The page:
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3.5.4 E-Safety

Much of the focus for e-safety work concerns the Internet, given that it enables users to engage with unknown others through the use of email, chat rooms, social networking sites, games and so on. Schools E-Safety Policy suggests that:

  • 3.5.4 E-safteyE-safety concerns safeguarding children and young people in the digital world
  • E-safety emphasises learning to understand and use new technologies in a positive way
  • E-safety is less about restriction and more about education about the risks as well as the benefits so we can feel confident online
  • E-safety is concerned with supporting children and young people to develop safer online behaviours both in and out of school

The principles above emphasise that rather than e-safety being about restriction, it should instead help children and young people to use technologies in a reflexive and confident manner. Livingstone ( 2009), in a review of her extensive work on children and young people’s use of the Internet, outlines that there are both risks and opportunities in this area and that to restrict Internet use is to inhibit children’s development of strategies to manage risks effectively. It is also important to acknowledge that this is a complex area and that simplistic approaches to safety, such as those that focus on ‘stranger danger’ will not be sufficient to provide children and young people with the skills and knowledge they need.

There are various resources that provide guidance on managing e-safety. The UK Council for Child Internet Safety (UKCCIS) is a voluntary organisation that focuses on managing risks such as cyberbullying, harmful e-content and loss of privacy. It offers a range of resources for teachers, children and parents at the UK Safer Internet Centre website. Kidsmart is another organisation that produces resources aimed at a variety of audiences, including primary school children. Similarly, Childnet International has a website that offers resources for the youngest children and considers the needs of children with special educational needs.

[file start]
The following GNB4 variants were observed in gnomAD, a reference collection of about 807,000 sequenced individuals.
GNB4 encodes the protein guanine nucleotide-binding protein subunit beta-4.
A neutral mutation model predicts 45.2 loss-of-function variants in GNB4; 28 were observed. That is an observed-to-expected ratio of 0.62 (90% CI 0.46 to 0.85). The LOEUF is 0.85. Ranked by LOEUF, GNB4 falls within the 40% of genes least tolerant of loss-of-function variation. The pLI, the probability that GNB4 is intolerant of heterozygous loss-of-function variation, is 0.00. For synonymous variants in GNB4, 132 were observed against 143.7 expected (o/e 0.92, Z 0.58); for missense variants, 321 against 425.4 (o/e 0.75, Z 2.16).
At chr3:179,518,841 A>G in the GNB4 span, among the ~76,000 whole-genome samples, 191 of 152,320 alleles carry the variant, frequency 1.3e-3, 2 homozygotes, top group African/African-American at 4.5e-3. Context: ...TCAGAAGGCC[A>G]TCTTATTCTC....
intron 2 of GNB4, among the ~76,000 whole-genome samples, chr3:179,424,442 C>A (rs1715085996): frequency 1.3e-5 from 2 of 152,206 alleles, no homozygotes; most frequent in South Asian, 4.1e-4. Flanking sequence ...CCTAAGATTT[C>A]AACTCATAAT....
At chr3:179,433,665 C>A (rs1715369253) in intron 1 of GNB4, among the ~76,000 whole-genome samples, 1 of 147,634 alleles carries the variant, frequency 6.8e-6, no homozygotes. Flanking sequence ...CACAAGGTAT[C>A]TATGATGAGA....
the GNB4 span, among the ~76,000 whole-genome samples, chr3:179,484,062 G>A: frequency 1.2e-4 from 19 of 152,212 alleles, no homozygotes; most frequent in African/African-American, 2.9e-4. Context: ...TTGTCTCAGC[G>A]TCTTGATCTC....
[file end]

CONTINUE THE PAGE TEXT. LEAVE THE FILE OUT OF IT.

School policies and practices on e-safety need to attend to the following issues, depending on the age of children:

  • management of technology use
  • privacy
  • safeguarding (e.g. not sharing passwords)
  • management of online reputation and digital footprints
  • cyber-bullying
  • security in social networking sites
  • safe searching on the Internet
  • sexting
  • online grooming
  • file-sharing and downloading
  • embedded adverts and advergames
  • data-mining and cookies
  • viruses and scams

3.5.4 E-safetyThe management of e-safety develops most effectively in partnerships between schools, children and parents, but it is important for schools to avoid assuming that pupils will develop e-safety strategies at home. Schools can be an important source of information and support for parent and many schools provide advice for parents via their school website (See individual school websites in Case Studies)

One of the most successful ways of approaching the development of e-safety knowledge and skills with children is to embed the learning of them into meaningful digital literacy activities in the classroom (See Case Study 7) and not teach them as an isolated set of skills and practices.

There are now many resources that can help teachers, children and parents to develop a range of strategies for managing E-safety and E-safeguarding, some of which we have referred to here. However, the most important skill that teachers can develop in this context is reflexivity. Being constantly alert to the needs of the pupils, their prior experience and knowledge and the risks and opportunities inherent in any classroom activity will mean that teachers can draw on the resources to hand in strategic and thoughtful ways and can, therefore, guard against some of the dangers referred to above.

For References see 3.5.5 References / Links to Further Information

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